Universities, colleges face challenges when standardizing protocol
- By Kyle Gordon
- Jan 05, 2016
For multiple reasons, colleges and universities encounter distinct challenges when faced with the formidable task of standardizing security protocol, procedures and technologies. Campuses are often spread out over sprawling acreage, with buildings serving various purposes, including anything and everything a resident, student or faculty member could need, from medical facilities, research labs and auditorium classrooms to athletic arenas, residence halls and cafeterias.
In what has become an increasingly volatile climate, colleges and
universities are expected to anticipate the needs of their students, faculty
and visitors, and are now designing campus environments to
ensure safety and security for all. The overall expectation and execution
of campus safety and security standards is regarded highly
amongst communities nationwide. In overwhelming instances, the
safety and security of a campus has become the cornerstone in successfully
establishing an environment in which students are free to thrive
and focus their academic efforts, while enjoying the quintessential collegiate
experience in whatever way they have envisioned it.
For campus administrators, public safety officers and police, creating
a secure campus cannot merely rely on the security technology
implemented throughout the facilities. What has become necessary in
bolstering these preventive deployments is the development of functional
security standards, communicated and carried out campuswide.
Functional safety and security standards are essential to effectively
crafting a foundation, a framework for all building construction
on campus whether new or renovations to existing structures. Not only
physical building standards need to be adhered to, but policy and procedure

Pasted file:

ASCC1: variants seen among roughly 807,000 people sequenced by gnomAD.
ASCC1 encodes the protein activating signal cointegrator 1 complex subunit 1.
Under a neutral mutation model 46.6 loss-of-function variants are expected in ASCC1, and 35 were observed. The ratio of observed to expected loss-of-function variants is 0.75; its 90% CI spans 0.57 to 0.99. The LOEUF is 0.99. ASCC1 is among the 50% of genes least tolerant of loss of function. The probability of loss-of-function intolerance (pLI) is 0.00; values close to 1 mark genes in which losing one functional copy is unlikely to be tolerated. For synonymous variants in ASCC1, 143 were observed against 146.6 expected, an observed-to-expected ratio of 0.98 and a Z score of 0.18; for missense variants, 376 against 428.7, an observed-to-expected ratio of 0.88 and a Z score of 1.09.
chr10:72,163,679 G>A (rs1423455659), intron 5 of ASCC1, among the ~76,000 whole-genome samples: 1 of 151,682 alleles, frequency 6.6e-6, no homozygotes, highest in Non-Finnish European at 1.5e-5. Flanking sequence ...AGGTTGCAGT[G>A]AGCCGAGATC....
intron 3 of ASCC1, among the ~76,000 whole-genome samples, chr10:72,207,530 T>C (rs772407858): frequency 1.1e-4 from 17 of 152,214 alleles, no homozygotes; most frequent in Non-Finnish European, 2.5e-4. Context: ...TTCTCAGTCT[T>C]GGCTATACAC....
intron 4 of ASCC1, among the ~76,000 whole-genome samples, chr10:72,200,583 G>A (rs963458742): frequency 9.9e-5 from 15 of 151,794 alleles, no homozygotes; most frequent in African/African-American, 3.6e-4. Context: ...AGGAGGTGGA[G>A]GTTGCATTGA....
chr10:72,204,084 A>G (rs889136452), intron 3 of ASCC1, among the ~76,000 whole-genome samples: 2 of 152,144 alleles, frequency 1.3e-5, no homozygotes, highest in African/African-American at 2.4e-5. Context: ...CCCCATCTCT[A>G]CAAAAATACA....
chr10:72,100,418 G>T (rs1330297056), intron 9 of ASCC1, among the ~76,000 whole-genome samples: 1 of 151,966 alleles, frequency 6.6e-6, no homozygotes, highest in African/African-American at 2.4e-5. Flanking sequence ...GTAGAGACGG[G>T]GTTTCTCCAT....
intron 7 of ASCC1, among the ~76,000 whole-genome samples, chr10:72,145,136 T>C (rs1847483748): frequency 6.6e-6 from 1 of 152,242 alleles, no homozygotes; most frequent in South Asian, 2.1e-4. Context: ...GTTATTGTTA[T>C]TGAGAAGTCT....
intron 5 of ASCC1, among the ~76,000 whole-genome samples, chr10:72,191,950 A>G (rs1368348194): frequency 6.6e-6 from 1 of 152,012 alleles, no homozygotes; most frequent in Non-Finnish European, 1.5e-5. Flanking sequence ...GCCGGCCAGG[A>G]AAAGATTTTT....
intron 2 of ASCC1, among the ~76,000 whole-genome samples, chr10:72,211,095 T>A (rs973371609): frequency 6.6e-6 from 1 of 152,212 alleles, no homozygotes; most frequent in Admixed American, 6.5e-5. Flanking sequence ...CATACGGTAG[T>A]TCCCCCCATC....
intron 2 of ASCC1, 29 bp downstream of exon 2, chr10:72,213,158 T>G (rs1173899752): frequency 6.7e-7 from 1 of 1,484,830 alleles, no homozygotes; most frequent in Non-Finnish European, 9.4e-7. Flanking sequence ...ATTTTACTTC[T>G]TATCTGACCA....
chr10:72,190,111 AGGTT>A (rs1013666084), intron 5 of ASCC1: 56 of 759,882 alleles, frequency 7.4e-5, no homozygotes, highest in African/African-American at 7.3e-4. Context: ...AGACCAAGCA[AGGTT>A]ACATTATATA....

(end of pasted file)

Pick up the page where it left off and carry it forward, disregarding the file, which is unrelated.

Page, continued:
standards should be addressed for such things as timing for
locking/unlocking of doors and people flow through various buildings.
All of these standards offer a significant context, forcing stakeholders
to take stock of their facilities and evaluate potential risks, security
needs and begin to establish an efficient operational procedure for
those specific campus community members that require access.
As a result of the rapid pace at which technologies, such as access
control, video surveillance and intrusion detection have been introduced
to campuses in recent years, institutions are finding it more
difficult to keep up with the development of accompanying security
procedures and protocols to determine the needs and uses of these
systems. Too often, deployments are assessed ad hoc; card readers may
be installed on doors at a newly constructed residence hall, but not on
existing living facilities without any real justification.
In other instances, an access control solution may be implemented throughout a science or lab building on campus, for example, due to
new regulations or mandates, and soon after, a campus-wide call to
action rolls out the intent to implement a similar solution in buildings
across the entire campus. With only the science building’s installation
as reference, colleges and universities will often use that single deployment
as the template for others, which in no way takes into consideration
the disparate functions and operational patterns of other facilities.
To ensure that these standards are developed and implemented
immediately, as well as throughout the duration of and beyond the
scope of any security project, campus administrators should plan to
enlist the expertise of a trusted security integrator at the project’s
onset. By drawing in and allowing the security integrator to become an
integral part of the standard writing process, campus institutions can
more readily mitigate security risks in an environment that is nearly
always subjected to capital construction projects.
The following are some of the most fundamental assessments that
need to take place in conversations surrounding functional security
standards to maintain campus safety as a priority in all institutional
construction, renovations and targeted projects.
GATHER STAKEHOLDERS FOR A COLLABORATIVE,
Perhaps most important in setting out to develop appropriate safety and
security standards for any campus environment is to be certain that all
pertinent campus stakeholders are involved in the conversation. These
include high-level campus executives, public safety officers, university
police, residence life authorities and facility management, as well as the
campus IT department, communications department, athletics, medical
and religious facilities, and community members, at large.
With so many security technologies moving toward a more networked
approach, involving IT as early as possible is critical to ensure
that the campus network can accommodate the various systems, or